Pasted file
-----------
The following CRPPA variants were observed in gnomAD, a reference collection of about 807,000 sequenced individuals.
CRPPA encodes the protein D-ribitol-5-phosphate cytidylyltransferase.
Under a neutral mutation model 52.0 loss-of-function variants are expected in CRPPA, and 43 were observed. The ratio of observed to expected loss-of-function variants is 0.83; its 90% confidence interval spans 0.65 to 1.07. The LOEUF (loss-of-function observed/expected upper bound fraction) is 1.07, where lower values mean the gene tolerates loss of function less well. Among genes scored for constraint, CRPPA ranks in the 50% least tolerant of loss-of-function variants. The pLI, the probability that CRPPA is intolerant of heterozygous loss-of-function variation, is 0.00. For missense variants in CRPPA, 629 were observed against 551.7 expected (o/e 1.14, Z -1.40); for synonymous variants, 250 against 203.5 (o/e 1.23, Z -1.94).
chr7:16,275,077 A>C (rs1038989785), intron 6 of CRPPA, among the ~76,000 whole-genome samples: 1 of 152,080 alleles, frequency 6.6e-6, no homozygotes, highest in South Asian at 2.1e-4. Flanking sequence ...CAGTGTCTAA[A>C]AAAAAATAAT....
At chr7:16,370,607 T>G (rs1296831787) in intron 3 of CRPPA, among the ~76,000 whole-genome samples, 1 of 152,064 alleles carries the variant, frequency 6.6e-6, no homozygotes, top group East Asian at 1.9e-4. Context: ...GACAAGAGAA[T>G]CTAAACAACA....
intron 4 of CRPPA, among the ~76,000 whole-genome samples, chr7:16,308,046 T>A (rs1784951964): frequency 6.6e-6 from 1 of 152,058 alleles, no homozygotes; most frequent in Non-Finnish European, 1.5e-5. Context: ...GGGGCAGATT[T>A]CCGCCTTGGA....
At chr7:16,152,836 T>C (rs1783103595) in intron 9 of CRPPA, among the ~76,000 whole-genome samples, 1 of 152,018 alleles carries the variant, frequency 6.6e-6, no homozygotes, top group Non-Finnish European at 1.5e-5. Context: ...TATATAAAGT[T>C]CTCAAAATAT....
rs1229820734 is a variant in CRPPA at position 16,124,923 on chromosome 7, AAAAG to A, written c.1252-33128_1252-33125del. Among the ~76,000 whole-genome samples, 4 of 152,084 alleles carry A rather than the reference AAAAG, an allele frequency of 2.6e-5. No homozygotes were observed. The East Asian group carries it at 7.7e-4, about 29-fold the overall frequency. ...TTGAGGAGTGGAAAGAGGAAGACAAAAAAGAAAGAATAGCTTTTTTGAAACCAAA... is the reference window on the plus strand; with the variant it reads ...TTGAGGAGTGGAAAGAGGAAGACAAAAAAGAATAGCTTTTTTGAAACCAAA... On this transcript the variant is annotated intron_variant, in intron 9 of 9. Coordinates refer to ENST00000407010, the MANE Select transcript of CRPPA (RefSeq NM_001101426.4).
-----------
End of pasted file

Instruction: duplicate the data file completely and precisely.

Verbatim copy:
The following CRPPA variants were observed in gnomAD, a reference collection of about 807,000 sequenced individuals.
CRPPA encodes the protein D-ribitol-5-phosphate cytidylyltransferase.
Under a neutral mutation model 52.0 loss-of-function variants are expected in CRPPA, and 43 were observed. The ratio of observed to expected loss-of-function variants is 0.83; its 90% confidence interval spans 0.65 to 1.07. The LOEUF (loss-of-function observed/expected upper bound fraction) is 1.07, where lower values mean the gene tolerates loss of function less well. Among genes scored for constraint, CRPPA ranks in the 50% least tolerant of loss-of-function variants. The pLI, the probability that CRPPA is intolerant of heterozygous loss-of-function variation, is 0.00. For missense variants in CRPPA, 629 were observed against 551.7 expected (o/e 1.14, Z -1.40); for synonymous variants, 250 against 203.5 (o/e 1.23, Z -1.94).
chr7:16,275,077 A>C (rs1038989785), intron 6 of CRPPA, among the ~76,000 whole-genome samples: 1 of 152,080 alleles, frequency 6.6e-6, no homozygotes, highest in South Asian at 2.1e-4. Flanking sequence ...CAGTGTCTAA[A>C]AAAAAATAAT....
At chr7:16,370,607 T>G (rs1296831787) in intron 3 of CRPPA, among the ~76,000 whole-genome samples, 1 of 152,064 alleles carries the variant, frequency 6.6e-6, no homozygotes, top group East Asian at 1.9e-4. Context: ...GACAAGAGAA[T>G]CTAAACAACA....
intron 4 of CRPPA, among the ~76,000 whole-genome samples, chr7:16,308,046 T>A (rs1784951964): frequency 6.6e-6 from 1 of 152,058 alleles, no homozygotes; most frequent in Non-Finnish European, 1.5e-5. Context: ...GGGGCAGATT[T>A]CCGCCTTGGA....
At chr7:16,152,836 T>C (rs1783103595) in intron 9 of CRPPA, among the ~76,000 whole-genome samples, 1 of 152,018 alleles carries the variant, frequency 6.6e-6, no homozygotes, top group Non-Finnish European at 1.5e-5. Context: ...TATATAAAGT[T>C]CTCAAAATAT....
rs1229820734 is a variant in CRPPA at position 16,124,923 on chromosome 7, AAAAG to A, written c.1252-33128_1252-33125del. Among the ~76,000 whole-genome samples, 4 of 152,084 alleles carry A rather than the reference AAAAG, an allele frequency of 2.6e-5. No homozygotes were observed. The East Asian group carries it at 7.7e-4, about 29-fold the overall frequency. ...TTGAGGAGTGGAAAGAGGAAGACAAAAAAGAAAGAATAGCTTTTTTGAAACCAAA... is the reference window on the plus strand; with the variant it reads ...TTGAGGAGTGGAAAGAGGAAGACAAAAAAGAATAGCTTTTTTGAAACCAAA... On this transcript the variant is annotated intron_variant, in intron 9 of 9. Coordinates refer to ENST00000407010, the MANE Select transcript of CRPPA (RefSeq NM_001101426.4).